Dive trip

Day #38 in Antarctica ·

  • Putting the boat in flickr
    The dive team boats from Biscoe Wharf, which involves winching the boat into the water and then climbing down a 10m rope ladder.
  • Topside flickr
    Ash and Mairi comprise the topside team for this dive.
  • Dive prep flickr
    Dan and Pete finish getting into their dive gear. The wooly hat is usually kept on until the last possible moment!
  • A. Cordingly flickr
    Ash, the summer boatman and marine biologist, is the boat skipper for this dive.
  • Mairi flickr
    Mairi, one of the marine biologists at Rothera, acts as the dive cox for this trip.
  • Dan flickr
    The incoming diving officer for Rothera 2013/14, Dan, gets ready for his inaugral Antarctic dive.
  • Pete flickr
    Whilst there's a general rule of no photos with hoods on, this was waived in view of Pete's epic moustache for Movember.
  • Mask check flickr
    Mairi assists Pete with the fitting for his mask.

Following my recent introduction to boating, earlier this month I was able to join the dive team for one of their regular trips.

Marine biology and oceanography make up a major slice of the science conducted at Rothera, with the dive store backing onto the Bonner Lab. The Bonner provides decent bench space for three dry labs, one wet lab, and also houses a cold water aquarium for specimens - looking at the newly collected “beasties” is a popular attraction for folk on base.

In addition to having one of the longest running CTD datasets in the world, extending back several decades, other research highlights for the dive team include a heated-plates experiment – observing species migration as plates laid on the seafloor are heated 1ºC above ambient temperatures – and ongoing assessment of the scouring effect of icebergs on the seabed.

Dan, the incoming diving officer for this season was due to take his first Antarctic dive with Pete, his outgoing equivalent. The dive team and doctors enjoy a close working relationship, as the doctor is often recruited for seal-watch1 and with a hyperbaric chamber onsite, both medics and divers train regularly together.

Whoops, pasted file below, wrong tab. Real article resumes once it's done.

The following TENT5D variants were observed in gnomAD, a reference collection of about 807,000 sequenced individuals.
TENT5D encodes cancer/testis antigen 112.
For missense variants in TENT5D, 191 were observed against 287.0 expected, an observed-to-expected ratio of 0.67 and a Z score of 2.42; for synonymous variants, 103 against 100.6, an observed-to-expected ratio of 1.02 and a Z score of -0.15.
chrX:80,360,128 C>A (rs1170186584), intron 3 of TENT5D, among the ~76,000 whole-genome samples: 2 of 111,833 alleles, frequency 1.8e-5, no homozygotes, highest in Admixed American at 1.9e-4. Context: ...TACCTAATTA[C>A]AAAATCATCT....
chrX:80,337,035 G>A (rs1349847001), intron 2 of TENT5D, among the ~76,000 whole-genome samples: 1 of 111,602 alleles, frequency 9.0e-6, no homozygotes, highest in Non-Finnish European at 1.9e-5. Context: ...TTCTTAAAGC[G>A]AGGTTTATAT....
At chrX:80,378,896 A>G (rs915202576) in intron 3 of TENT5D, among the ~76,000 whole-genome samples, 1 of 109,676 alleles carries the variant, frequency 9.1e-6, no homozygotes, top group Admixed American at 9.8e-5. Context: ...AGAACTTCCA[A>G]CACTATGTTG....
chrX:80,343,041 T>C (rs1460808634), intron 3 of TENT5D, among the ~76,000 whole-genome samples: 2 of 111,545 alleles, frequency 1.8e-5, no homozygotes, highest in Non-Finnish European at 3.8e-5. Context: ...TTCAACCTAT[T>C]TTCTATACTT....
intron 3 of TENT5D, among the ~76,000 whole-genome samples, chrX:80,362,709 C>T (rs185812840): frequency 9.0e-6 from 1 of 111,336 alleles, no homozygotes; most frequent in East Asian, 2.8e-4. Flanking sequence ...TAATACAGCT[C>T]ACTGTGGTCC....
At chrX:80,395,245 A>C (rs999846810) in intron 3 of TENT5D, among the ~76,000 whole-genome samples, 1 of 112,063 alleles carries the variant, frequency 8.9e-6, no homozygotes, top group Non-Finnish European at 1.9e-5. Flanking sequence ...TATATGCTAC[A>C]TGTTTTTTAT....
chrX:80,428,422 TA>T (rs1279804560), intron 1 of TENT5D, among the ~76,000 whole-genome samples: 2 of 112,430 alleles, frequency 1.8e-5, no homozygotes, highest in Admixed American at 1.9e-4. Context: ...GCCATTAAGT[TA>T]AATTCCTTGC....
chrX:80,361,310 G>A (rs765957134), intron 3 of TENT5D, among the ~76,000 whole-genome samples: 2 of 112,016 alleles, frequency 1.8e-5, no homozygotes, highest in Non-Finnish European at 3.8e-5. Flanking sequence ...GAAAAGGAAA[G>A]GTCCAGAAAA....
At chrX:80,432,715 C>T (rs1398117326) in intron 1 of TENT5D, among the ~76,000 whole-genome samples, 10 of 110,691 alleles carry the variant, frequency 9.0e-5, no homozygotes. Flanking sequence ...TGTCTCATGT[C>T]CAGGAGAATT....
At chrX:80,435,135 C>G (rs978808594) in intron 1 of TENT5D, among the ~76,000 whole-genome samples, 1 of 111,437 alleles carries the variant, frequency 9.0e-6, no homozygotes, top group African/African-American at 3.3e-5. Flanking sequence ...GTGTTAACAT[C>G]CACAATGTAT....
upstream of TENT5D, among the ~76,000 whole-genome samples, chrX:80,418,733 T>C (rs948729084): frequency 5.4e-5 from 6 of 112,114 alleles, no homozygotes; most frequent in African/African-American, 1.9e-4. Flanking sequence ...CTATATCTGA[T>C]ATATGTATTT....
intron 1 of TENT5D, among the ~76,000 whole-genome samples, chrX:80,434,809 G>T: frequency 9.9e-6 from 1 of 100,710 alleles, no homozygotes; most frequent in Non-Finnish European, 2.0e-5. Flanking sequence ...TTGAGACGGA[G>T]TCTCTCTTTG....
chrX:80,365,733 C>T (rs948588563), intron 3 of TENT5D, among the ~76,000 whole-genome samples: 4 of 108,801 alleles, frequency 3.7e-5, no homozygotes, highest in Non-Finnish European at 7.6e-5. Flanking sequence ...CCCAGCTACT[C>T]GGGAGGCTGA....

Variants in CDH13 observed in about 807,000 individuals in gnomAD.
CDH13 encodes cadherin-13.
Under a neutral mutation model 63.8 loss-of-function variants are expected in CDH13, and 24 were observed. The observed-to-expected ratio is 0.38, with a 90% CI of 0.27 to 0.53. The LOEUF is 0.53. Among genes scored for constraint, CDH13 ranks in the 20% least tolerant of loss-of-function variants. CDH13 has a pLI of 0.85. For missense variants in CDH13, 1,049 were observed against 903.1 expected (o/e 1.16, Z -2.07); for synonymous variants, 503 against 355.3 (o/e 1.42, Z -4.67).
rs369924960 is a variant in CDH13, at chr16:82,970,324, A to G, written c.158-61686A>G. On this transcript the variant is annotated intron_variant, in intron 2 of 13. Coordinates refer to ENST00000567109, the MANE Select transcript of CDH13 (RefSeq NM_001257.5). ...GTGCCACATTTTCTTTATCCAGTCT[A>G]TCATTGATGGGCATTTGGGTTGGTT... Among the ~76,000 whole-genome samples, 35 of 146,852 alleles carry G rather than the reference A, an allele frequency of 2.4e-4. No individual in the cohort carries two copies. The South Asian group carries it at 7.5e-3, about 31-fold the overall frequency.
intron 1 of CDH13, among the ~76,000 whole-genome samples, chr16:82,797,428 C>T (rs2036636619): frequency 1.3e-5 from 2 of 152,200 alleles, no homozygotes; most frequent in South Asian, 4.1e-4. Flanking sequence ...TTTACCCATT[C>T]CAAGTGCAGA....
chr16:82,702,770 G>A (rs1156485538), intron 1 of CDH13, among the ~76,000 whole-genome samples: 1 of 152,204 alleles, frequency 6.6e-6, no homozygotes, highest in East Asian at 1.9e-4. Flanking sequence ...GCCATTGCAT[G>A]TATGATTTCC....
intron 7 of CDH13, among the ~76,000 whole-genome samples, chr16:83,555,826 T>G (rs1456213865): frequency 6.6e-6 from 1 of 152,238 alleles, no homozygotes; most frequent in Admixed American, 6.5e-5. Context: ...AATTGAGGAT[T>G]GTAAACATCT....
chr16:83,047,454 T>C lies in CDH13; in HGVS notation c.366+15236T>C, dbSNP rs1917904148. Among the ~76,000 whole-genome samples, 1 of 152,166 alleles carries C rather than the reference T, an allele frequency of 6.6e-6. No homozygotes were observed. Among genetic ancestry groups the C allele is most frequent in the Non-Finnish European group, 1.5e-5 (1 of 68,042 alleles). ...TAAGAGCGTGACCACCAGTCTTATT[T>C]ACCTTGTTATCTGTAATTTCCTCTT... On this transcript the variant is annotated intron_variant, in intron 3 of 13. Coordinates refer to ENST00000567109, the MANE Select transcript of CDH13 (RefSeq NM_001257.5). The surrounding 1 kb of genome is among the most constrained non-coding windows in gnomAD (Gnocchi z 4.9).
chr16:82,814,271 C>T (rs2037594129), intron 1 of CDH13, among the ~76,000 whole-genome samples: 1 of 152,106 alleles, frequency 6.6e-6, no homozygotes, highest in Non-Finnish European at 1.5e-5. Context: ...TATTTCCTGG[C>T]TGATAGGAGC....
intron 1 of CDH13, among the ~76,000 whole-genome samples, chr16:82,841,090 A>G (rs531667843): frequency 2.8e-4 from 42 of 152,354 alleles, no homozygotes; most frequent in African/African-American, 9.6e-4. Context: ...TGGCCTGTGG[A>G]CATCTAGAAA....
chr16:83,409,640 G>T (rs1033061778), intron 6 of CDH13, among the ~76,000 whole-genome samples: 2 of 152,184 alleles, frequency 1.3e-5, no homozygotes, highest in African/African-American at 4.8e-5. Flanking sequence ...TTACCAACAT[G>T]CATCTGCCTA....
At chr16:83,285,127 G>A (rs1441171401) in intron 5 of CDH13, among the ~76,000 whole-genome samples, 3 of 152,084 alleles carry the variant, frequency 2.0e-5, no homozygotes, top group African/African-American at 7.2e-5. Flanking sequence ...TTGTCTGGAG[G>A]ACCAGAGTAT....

Supporting the divers is a topside crew: Ash, the summer boatman and marine biologist, was behind the helm for this trip, with Mairi, another marine biologist, assisting the divers.

After winching the boat into the water, some 10m below Biscoe Wharf and clambering down a rope ladder into the boat, we shoved off and motored gently round to the south of Rothera point. After having their final pre-dive checks with Mairi, Pete and Dan rolled backwards into the water and made their way back to the wharf underwater.

With the water being a frosty -1.5ºC, the divers wear thick drysuits, mitts and hoods with full face-masks, complete with an underwater comms system, which helps the divers communicate with each other and also the topside crew on the boat. Bottom time is as much limited by the cold as it is by air supply or no decompression limits, with dives rarely exceeding an hour in duration. BAS maintains a conservative safety margins with all diving: no mixed gases, no decompression and divers are attached to a safety line.

Despite these sensible limits, Antarctic diving seems to be a breath-taking experience (if you’ll forgive the expression), as evidenced by the footage from the divers’ GoPro cameras - hopefully the subject of a future post.

  1. Owing to a previous fatality from a leopard seal attack, the dive site is observed for 30 minutes before a dive to ensure that there are no leopard seals or orcas in the vicinity.